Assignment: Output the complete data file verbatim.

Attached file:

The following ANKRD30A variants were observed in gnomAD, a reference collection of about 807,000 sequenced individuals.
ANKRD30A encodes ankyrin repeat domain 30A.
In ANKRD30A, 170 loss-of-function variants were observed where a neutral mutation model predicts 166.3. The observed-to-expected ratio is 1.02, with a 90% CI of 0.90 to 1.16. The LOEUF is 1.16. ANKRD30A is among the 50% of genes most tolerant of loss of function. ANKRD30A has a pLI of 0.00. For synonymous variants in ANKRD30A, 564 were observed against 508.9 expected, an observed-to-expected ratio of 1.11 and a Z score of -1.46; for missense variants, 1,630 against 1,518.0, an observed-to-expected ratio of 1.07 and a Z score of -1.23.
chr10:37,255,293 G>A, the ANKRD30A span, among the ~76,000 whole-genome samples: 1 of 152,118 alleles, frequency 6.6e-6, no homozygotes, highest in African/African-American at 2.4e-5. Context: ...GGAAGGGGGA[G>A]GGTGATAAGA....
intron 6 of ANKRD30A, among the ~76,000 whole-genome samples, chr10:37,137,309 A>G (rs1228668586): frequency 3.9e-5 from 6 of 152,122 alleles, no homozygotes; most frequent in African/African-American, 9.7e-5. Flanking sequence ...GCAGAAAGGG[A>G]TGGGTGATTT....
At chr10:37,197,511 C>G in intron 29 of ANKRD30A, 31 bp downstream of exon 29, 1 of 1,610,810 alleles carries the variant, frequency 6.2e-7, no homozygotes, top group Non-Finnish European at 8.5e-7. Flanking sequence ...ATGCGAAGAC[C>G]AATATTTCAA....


The following ANKRD30A variants were observed in gnomAD, a reference collection of about 807,000 sequenced individuals.
ANKRD30A encodes ankyrin repeat domain 30A.
In ANKRD30A, 170 loss-of-function variants were observed where a neutral mutation model predicts 166.3. The observed-to-expected ratio is 1.02, with a 90% CI of 0.90 to 1.16. The LOEUF is 1.16. ANKRD30A is among the 50% of genes most tolerant of loss of function. ANKRD30A has a pLI of 0.00. For synonymous variants in ANKRD30A, 564 were observed against 508.9 expected, an observed-to-expected ratio of 1.11 and a Z score of -1.46; for missense variants, 1,630 against 1,518.0, an observed-to-expected ratio of 1.07 and a Z score of -1.23.
chr10:37,255,293 G>A, the ANKRD30A span, among the ~76,000 whole-genome samples: 1 of 152,118 alleles, frequency 6.6e-6, no homozygotes, highest in African/African-American at 2.4e-5. Context: ...GGAAGGGGGA[G>A]GGTGATAAGA....
intron 6 of ANKRD30A, among the ~76,000 whole-genome samples, chr10:37,137,309 A>G (rs1228668586): frequency 3.9e-5 from 6 of 152,122 alleles, no homozygotes; most frequent in African/African-American, 9.7e-5. Flanking sequence ...GCAGAAAGGG[A>G]TGGGTGATTT....
At chr10:37,197,511 C>G in intron 29 of ANKRD30A, 31 bp downstream of exon 29, 1 of 1,610,810 alleles carries the variant, frequency 6.2e-7, no homozygotes, top group Non-Finnish European at 8.5e-7. Flanking sequence ...ATGCGAAGAC[C>G]AATATTTCAA....